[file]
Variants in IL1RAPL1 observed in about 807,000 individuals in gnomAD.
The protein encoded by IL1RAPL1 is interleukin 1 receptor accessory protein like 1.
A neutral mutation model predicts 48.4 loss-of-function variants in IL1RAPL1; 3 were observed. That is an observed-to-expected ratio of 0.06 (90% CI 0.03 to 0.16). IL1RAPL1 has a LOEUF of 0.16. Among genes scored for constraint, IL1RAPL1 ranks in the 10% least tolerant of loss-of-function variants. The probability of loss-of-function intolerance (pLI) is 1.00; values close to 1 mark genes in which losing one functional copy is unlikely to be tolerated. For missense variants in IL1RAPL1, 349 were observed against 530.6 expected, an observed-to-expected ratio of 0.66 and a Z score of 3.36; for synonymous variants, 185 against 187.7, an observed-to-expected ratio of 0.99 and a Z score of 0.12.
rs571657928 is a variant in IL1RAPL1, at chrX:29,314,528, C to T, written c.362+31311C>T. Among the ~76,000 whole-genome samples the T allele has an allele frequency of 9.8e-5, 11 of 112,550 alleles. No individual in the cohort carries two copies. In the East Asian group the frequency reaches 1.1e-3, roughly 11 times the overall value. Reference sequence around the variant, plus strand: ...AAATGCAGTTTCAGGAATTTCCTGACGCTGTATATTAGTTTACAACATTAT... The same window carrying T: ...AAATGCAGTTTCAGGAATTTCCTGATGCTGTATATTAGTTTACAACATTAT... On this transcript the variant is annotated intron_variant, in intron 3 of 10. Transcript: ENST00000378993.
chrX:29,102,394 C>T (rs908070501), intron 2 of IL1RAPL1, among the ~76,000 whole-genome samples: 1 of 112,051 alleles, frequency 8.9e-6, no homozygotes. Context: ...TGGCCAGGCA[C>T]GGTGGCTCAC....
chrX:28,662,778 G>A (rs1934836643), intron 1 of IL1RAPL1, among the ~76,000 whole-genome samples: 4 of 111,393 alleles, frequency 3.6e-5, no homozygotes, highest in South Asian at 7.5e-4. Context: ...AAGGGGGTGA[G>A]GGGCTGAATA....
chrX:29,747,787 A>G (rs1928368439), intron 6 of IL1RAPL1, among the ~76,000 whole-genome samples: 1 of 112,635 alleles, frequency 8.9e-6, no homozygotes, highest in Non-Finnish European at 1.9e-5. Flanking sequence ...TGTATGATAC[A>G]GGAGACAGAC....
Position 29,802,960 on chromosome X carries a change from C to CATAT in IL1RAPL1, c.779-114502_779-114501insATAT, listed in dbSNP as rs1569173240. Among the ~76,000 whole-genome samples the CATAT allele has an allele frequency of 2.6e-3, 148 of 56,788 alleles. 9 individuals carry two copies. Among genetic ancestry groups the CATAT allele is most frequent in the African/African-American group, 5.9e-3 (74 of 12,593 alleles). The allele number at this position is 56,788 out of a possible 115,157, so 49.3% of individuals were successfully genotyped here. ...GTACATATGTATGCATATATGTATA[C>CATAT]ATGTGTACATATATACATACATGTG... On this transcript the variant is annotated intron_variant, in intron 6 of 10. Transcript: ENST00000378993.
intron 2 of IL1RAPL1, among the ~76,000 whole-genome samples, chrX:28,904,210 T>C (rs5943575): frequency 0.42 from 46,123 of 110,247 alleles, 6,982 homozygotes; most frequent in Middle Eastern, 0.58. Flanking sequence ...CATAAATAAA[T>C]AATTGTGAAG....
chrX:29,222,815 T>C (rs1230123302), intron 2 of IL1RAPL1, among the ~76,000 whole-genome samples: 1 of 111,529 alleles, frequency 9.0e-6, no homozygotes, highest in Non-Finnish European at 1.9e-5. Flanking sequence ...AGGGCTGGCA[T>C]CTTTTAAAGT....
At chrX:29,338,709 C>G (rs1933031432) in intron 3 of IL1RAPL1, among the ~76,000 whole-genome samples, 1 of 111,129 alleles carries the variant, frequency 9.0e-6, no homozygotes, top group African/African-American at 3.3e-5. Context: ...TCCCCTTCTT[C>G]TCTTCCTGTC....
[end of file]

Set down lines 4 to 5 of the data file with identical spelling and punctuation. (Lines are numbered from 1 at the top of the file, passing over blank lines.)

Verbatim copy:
rs571657928 is a variant in IL1RAPL1, at chrX:29,314,528, C to T, written c.362+31311C>T. Among the ~76,000 whole-genome samples the T allele has an allele frequency of 9.8e-5, 11 of 112,550 alleles. No individual in the cohort carries two copies. In the East Asian group the frequency reaches 1.1e-3, roughly 11 times the overall value. Reference sequence around the variant, plus strand: ...AAATGCAGTTTCAGGAATTTCCTGACGCTGTATATTAGTTTACAACATTAT... The same window carrying T: ...AAATGCAGTTTCAGGAATTTCCTGATGCTGTATATTAGTTTACAACATTAT... On this transcript the variant is annotated intron_variant, in intron 3 of 10. Transcript: ENST00000378993.
chrX:29,102,394 C>T (rs908070501), intron 2 of IL1RAPL1, among the ~76,000 whole-genome samples: 1 of 112,051 alleles, frequency 8.9e-6, no homozygotes. Context: ...TGGCCAGGCA[C>T]GGTGGCTCAC....